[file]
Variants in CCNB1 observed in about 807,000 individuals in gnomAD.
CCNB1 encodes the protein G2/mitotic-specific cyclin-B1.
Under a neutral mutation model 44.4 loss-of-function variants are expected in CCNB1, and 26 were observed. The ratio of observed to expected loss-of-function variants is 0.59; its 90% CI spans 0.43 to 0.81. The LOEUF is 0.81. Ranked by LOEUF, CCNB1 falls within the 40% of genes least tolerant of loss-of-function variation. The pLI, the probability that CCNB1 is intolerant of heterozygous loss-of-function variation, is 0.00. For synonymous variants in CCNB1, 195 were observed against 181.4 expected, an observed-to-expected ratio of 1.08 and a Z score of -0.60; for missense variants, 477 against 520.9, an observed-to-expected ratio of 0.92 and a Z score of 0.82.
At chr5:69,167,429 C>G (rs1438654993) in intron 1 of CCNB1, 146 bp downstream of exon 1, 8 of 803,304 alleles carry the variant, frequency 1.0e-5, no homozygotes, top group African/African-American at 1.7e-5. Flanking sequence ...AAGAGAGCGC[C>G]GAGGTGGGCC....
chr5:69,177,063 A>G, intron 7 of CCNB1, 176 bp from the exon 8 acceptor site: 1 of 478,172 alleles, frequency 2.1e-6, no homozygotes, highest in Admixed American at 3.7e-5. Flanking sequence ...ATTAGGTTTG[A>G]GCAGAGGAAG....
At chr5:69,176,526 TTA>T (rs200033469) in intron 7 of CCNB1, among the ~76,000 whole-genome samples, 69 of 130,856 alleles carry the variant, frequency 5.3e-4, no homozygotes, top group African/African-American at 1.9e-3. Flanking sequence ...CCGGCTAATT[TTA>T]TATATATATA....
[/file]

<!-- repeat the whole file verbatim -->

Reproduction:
Variants in CCNB1 observed in about 807,000 individuals in gnomAD.
CCNB1 encodes the protein G2/mitotic-specific cyclin-B1.
Under a neutral mutation model 44.4 loss-of-function variants are expected in CCNB1, and 26 were observed. The ratio of observed to expected loss-of-function variants is 0.59; its 90% CI spans 0.43 to 0.81. The LOEUF is 0.81. Ranked by LOEUF, CCNB1 falls within the 40% of genes least tolerant of loss-of-function variation. The pLI, the probability that CCNB1 is intolerant of heterozygous loss-of-function variation, is 0.00. For synonymous variants in CCNB1, 195 were observed against 181.4 expected, an observed-to-expected ratio of 1.08 and a Z score of -0.60; for missense variants, 477 against 520.9, an observed-to-expected ratio of 0.92 and a Z score of 0.82.
At chr5:69,167,429 C>G (rs1438654993) in intron 1 of CCNB1, 146 bp downstream of exon 1, 8 of 803,304 alleles carry the variant, frequency 1.0e-5, no homozygotes, top group African/African-American at 1.7e-5. Flanking sequence ...AAGAGAGCGC[C>G]GAGGTGGGCC....
chr5:69,177,063 A>G, intron 7 of CCNB1, 176 bp from the exon 8 acceptor site: 1 of 478,172 alleles, frequency 2.1e-6, no homozygotes, highest in Admixed American at 3.7e-5. Flanking sequence ...ATTAGGTTTG[A>G]GCAGAGGAAG....
At chr5:69,176,526 TTA>T (rs200033469) in intron 7 of CCNB1, among the ~76,000 whole-genome samples, 69 of 130,856 alleles carry the variant, frequency 5.3e-4, no homozygotes, top group African/African-American at 1.9e-3. Flanking sequence ...CCGGCTAATT[TTA>T]TATATATATA....